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Religion and socialization?

Discussion in 'Culture & Religion' started by palefrost, Aug 17, 2006.

  1. palefrost

    palefrost New Member

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    I found out yesterday that someone I know had tried out about 7 or 8 different denominations before settling on becoming a Mormon. Now, I couldn't understand why anyone would actually choose to become Mormon, but hey, to each their own, right?

    Their reasoning, however, was surprising. They wanted to belong to something. They wanted something with a family/social atmosphere. They wanted somewhere to socialize.

    Personally, I had never considered using my faith as a tool for socialization, nor would I consider choosing a religion on the capacity for socialization. I'm wondering if other people chose their faith for the family/socialization aspect as opposed to because of the beliefs of that faith.

    So what about this new twist?
     
  2. Brandon

    Brandon New Member

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    Human beings have a tendency to gravitate towards like-minded people. Humans also have a strong instinct to belong to something e.g social clubs, churches, etc...

    While I personally wouldn't join a church for that reason, I could care less what other people do. If it makes the person happy and doesn't infringe on my rights, then why not?!
     
  3. sarah

    sarah New Member

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    Religion can be both a beautiful thing and a distortion of who a person is. If someone becomes or is a member of a religion because they believe in that faith then it can be the most wonderful and fulfilling thing that person will ever know. However if someone joins a faith simply for the reason of becoming a part of something, that person should be placed in some serious counseling. People who gravitate to cults generally follow the mindset of someone wanting to belong and be a member of something greater than his/her self.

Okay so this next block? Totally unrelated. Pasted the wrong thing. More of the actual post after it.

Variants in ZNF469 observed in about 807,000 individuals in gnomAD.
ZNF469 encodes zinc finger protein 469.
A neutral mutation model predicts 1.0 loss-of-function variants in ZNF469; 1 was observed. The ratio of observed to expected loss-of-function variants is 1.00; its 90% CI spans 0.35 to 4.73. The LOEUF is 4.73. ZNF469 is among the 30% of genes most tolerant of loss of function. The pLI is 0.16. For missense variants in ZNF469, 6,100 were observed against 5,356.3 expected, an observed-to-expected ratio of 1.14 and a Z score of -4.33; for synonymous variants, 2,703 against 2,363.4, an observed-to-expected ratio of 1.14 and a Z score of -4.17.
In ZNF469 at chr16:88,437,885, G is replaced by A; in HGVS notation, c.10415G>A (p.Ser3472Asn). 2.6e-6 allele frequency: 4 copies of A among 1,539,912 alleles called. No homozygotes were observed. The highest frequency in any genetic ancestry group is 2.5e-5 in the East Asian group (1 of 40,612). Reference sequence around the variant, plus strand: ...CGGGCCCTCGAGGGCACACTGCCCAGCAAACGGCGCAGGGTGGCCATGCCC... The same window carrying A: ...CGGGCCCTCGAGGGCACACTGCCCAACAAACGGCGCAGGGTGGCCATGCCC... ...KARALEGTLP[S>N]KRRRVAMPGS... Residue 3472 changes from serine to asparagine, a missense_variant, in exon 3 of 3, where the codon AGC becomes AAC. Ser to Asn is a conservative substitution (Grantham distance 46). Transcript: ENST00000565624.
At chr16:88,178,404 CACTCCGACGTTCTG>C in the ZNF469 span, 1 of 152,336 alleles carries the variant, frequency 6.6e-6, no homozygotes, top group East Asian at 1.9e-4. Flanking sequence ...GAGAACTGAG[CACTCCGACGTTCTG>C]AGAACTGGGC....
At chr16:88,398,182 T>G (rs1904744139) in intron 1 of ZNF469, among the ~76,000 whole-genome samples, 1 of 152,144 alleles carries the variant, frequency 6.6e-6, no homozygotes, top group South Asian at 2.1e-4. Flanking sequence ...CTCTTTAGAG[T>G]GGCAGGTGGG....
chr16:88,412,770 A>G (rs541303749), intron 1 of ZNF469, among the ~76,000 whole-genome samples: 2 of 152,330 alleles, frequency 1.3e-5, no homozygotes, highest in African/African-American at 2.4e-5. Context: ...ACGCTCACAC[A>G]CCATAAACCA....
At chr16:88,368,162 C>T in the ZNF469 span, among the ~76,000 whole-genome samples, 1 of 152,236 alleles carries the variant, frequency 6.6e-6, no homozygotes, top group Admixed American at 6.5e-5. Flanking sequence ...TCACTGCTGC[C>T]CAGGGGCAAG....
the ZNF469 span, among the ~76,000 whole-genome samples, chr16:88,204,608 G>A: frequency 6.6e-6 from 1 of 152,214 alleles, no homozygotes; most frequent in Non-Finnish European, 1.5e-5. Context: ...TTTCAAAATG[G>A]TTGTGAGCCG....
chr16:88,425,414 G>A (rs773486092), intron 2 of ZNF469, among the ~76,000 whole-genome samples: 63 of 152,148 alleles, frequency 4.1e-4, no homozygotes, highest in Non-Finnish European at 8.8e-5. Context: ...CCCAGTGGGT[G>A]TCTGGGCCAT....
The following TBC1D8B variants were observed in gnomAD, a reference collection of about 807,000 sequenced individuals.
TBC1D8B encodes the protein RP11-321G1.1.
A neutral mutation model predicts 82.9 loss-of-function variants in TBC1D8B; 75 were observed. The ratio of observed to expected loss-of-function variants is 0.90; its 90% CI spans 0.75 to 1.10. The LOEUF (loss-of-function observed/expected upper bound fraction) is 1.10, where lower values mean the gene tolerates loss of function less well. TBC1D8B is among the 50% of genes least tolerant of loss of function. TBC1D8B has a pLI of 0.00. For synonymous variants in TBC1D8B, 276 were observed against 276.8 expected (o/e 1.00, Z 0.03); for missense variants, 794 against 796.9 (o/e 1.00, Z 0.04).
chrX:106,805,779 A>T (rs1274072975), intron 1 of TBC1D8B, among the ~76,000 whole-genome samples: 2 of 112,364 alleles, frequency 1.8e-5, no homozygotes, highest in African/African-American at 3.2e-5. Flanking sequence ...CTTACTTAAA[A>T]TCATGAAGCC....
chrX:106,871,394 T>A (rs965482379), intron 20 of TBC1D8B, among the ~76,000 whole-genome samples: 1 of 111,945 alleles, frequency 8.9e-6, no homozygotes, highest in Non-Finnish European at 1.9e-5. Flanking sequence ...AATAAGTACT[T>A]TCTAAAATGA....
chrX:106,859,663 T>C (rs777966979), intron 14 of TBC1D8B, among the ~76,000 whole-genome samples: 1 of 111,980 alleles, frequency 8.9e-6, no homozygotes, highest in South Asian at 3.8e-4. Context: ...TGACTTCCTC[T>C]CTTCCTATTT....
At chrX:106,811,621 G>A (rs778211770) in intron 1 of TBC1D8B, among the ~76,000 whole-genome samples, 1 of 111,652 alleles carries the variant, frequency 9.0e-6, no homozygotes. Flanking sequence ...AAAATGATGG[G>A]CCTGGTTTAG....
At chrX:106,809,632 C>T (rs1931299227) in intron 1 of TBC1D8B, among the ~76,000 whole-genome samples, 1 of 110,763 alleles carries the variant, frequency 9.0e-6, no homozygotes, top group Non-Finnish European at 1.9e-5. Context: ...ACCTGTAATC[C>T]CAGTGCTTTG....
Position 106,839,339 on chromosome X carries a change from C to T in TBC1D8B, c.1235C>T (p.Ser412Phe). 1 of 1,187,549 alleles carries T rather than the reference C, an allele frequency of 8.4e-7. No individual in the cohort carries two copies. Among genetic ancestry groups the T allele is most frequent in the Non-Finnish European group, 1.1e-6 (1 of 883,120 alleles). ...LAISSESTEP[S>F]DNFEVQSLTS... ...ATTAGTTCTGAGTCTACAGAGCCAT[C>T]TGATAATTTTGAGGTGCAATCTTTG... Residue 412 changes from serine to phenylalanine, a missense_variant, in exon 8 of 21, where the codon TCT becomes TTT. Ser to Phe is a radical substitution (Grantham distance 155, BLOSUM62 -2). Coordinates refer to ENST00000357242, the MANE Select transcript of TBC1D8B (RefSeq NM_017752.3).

Personally, I think that if someone is that dissatisfied with themselves that they need to be a part of something, they need help. Not the kind of help that a religion can provide necessarily, but help with the issues inside their own head.
    But then again to each his own…
     
  4. Jim

    Jim New Member

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    Religious institutions can be useful in building and maintaining cohesive communities because of the social forums they create. However, a person who joins a religion for the purpose of being part of a social group, rather than exercising his or her beliefs, is making a mistake. Palefrost's acquaintance is likely to find himself in an awkward situation in the fairly near future.
     
  5. LyricB

    LyricB New Member

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    I truly enjoy the socialization I get from the church I attend, but that comes second to the real reason I'm there. Anyone who goes with the primary purpose of getting social isn't there for the right reasons.
     
  6. l99999us

    l99999us New Member

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    i tend to agree that is the reason you should be their. Though I do know some people who live down South from their discriptions social pressure can be pretty tough. I guess being "unchurched" turns you into some sort of social perih.


     
  7. kelkat

    kelkat New Member